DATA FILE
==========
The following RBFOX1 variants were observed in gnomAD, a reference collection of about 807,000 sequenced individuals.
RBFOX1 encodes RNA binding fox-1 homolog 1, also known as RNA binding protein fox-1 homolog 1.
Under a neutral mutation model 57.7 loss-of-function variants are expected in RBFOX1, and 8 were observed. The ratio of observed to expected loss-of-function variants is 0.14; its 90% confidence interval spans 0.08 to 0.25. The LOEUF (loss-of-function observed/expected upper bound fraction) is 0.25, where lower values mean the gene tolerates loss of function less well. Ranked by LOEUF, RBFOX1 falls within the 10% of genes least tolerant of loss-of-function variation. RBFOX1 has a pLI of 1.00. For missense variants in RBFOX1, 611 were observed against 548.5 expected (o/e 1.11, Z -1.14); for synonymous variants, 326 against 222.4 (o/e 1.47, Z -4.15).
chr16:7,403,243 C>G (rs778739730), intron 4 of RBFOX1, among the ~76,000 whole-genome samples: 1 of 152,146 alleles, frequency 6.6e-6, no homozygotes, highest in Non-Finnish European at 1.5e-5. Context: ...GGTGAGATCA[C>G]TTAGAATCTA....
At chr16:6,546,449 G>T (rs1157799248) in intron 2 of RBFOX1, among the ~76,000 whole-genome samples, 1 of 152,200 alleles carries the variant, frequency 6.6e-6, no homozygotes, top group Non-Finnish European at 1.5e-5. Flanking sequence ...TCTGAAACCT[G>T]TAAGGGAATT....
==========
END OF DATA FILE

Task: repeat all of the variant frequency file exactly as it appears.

The following RBFOX1 variants were observed in gnomAD, a reference collection of about 807,000 sequenced individuals.
RBFOX1 encodes RNA binding fox-1 homolog 1, also known as RNA binding protein fox-1 homolog 1.
Under a neutral mutation model 57.7 loss-of-function variants are expected in RBFOX1, and 8 were observed. The ratio of observed to expected loss-of-function variants is 0.14; its 90% confidence interval spans 0.08 to 0.25. The LOEUF (loss-of-function observed/expected upper bound fraction) is 0.25, where lower values mean the gene tolerates loss of function less well. Ranked by LOEUF, RBFOX1 falls within the 10% of genes least tolerant of loss-of-function variation. RBFOX1 has a pLI of 1.00. For missense variants in RBFOX1, 611 were observed against 548.5 expected (o/e 1.11, Z -1.14); for synonymous variants, 326 against 222.4 (o/e 1.47, Z -4.15).
chr16:7,403,243 C>G (rs778739730), intron 4 of RBFOX1, among the ~76,000 whole-genome samples: 1 of 152,146 alleles, frequency 6.6e-6, no homozygotes, highest in Non-Finnish European at 1.5e-5. Context: ...GGTGAGATCA[C>G]TTAGAATCTA....
At chr16:6,546,449 G>T (rs1157799248) in intron 2 of RBFOX1, among the ~76,000 whole-genome samples, 1 of 152,200 alleles carries the variant, frequency 6.6e-6, no homozygotes, top group Non-Finnish European at 1.5e-5. Flanking sequence ...TCTGAAACCT[G>T]TAAGGGAATT....